2. Ensure new employees arrive on Day 1 ready to be productive.
We’ve written about this before, but laptops, tablets, desktop computers and phones need to be setup and operational before the new hire walks through the door. Take it a step further and ensure that all email addresses and aliases have been created, all paperwork completed via an onboarding software solution and that a schedule is in place so you can give your new hire an idea of what his or her first day(s) will look like. Essentially, if your new hire spends his first day feeling “in the way” or “useless” then your onboarding solution ISN’T WORKING.
3. Develop a formal process to solicit feedback.
Do you currently survey your new hires? Do they have the option to point out inefficiencies in the process or the ability to help make it better for the next set of new employees? If not, add a feedback step to the onboarding process mix!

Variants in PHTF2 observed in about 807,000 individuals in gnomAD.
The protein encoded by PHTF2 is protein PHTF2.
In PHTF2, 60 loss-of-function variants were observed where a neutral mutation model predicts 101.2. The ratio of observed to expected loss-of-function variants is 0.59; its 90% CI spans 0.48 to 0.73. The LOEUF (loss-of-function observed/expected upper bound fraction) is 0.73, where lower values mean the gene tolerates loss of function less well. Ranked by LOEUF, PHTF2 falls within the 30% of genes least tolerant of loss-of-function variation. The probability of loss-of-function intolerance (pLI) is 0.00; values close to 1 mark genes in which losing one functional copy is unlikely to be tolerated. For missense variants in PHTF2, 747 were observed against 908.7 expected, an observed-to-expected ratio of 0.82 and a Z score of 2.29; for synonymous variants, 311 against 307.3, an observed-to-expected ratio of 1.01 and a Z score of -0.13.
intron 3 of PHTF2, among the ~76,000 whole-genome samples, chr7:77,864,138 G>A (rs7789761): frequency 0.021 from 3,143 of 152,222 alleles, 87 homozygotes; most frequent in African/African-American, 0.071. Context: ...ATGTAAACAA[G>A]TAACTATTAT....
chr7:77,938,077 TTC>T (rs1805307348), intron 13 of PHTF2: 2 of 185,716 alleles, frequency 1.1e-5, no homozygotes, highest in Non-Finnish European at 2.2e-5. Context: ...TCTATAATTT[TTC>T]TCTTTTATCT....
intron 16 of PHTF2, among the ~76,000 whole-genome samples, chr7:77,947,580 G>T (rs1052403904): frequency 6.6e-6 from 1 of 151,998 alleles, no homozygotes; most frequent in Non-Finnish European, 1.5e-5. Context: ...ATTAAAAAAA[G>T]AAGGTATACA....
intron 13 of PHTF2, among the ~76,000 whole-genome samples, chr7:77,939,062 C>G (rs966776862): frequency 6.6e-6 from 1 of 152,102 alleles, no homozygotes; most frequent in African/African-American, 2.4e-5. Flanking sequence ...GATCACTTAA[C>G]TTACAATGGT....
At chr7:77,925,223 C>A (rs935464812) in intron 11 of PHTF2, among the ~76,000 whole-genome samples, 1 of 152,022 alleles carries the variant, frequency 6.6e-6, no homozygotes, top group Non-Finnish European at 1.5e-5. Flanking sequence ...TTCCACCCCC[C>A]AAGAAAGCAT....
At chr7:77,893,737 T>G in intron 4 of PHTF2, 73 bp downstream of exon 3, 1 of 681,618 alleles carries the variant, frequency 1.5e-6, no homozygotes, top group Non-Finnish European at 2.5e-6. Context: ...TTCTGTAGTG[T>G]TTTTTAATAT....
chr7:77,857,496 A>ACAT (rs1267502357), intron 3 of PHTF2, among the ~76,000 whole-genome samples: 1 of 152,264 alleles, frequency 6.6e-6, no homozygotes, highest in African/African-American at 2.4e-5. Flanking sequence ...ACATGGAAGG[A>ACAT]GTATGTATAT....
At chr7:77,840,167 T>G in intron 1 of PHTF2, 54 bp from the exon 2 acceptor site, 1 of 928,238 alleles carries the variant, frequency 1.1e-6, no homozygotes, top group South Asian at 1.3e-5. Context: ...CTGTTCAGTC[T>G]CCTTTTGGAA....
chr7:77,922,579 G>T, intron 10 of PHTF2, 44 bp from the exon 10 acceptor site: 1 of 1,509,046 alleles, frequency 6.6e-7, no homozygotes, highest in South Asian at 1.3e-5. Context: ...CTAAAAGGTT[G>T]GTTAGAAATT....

4. Make sure to map specific competency requirements or development plans.
How are your people supposed to know how their work impacts their team, department or customers if it’s not something they can see? Mapping goals changes this scenario from frustrated and confused new hire, to excited and dynamic contributor.
5. Attribute changes in profitability directly to onboarding.
With great onboarding comes great changes in your profitability. Your new hires will become more productive more quickly, your retention rates will spike and your overall work environment will improve. You’ll also see your experienced employees contributing more, sharing more and learning new skills. Just make sure that as you see all of these benefits bubble to the surface, you’re tying these results back to your initial onboarding investment.